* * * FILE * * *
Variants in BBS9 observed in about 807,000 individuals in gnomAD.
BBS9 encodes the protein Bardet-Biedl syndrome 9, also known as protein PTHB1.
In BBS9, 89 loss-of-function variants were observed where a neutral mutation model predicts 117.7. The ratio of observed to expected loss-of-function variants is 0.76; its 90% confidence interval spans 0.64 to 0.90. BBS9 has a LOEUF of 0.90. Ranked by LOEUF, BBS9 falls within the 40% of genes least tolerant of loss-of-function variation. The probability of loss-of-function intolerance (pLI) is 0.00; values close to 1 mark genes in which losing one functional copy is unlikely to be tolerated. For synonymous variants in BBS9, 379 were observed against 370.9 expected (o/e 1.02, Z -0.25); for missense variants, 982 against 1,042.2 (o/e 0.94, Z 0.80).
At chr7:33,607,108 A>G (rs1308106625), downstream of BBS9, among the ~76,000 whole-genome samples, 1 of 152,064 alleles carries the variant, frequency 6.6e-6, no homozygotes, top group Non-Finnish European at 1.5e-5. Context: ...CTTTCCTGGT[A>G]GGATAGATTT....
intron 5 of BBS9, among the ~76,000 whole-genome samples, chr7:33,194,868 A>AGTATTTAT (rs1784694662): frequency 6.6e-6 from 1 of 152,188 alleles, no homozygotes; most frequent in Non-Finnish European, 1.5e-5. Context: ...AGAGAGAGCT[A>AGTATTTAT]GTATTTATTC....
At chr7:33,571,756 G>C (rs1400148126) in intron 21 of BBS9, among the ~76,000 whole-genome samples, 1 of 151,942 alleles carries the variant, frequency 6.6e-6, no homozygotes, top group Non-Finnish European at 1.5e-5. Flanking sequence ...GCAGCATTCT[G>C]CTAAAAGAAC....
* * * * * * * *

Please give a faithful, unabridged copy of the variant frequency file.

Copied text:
Variants in BBS9 observed in about 807,000 individuals in gnomAD.
BBS9 encodes the protein Bardet-Biedl syndrome 9, also known as protein PTHB1.
In BBS9, 89 loss-of-function variants were observed where a neutral mutation model predicts 117.7. The ratio of observed to expected loss-of-function variants is 0.76; its 90% confidence interval spans 0.64 to 0.90. BBS9 has a LOEUF of 0.90. Ranked by LOEUF, BBS9 falls within the 40% of genes least tolerant of loss-of-function variation. The probability of loss-of-function intolerance (pLI) is 0.00; values close to 1 mark genes in which losing one functional copy is unlikely to be tolerated. For synonymous variants in BBS9, 379 were observed against 370.9 expected (o/e 1.02, Z -0.25); for missense variants, 982 against 1,042.2 (o/e 0.94, Z 0.80).
At chr7:33,607,108 A>G (rs1308106625), downstream of BBS9, among the ~76,000 whole-genome samples, 1 of 152,064 alleles carries the variant, frequency 6.6e-6, no homozygotes, top group Non-Finnish European at 1.5e-5. Context: ...CTTTCCTGGT[A>G]GGATAGATTT....
intron 5 of BBS9, among the ~76,000 whole-genome samples, chr7:33,194,868 A>AGTATTTAT (rs1784694662): frequency 6.6e-6 from 1 of 152,188 alleles, no homozygotes; most frequent in Non-Finnish European, 1.5e-5. Context: ...AGAGAGAGCT[A>AGTATTTAT]GTATTTATTC....
At chr7:33,571,756 G>C (rs1400148126) in intron 21 of BBS9, among the ~76,000 whole-genome samples, 1 of 151,942 alleles carries the variant, frequency 6.6e-6, no homozygotes, top group Non-Finnish European at 1.5e-5. Flanking sequence ...GCAGCATTCT[G>C]CTAAAAGAAC....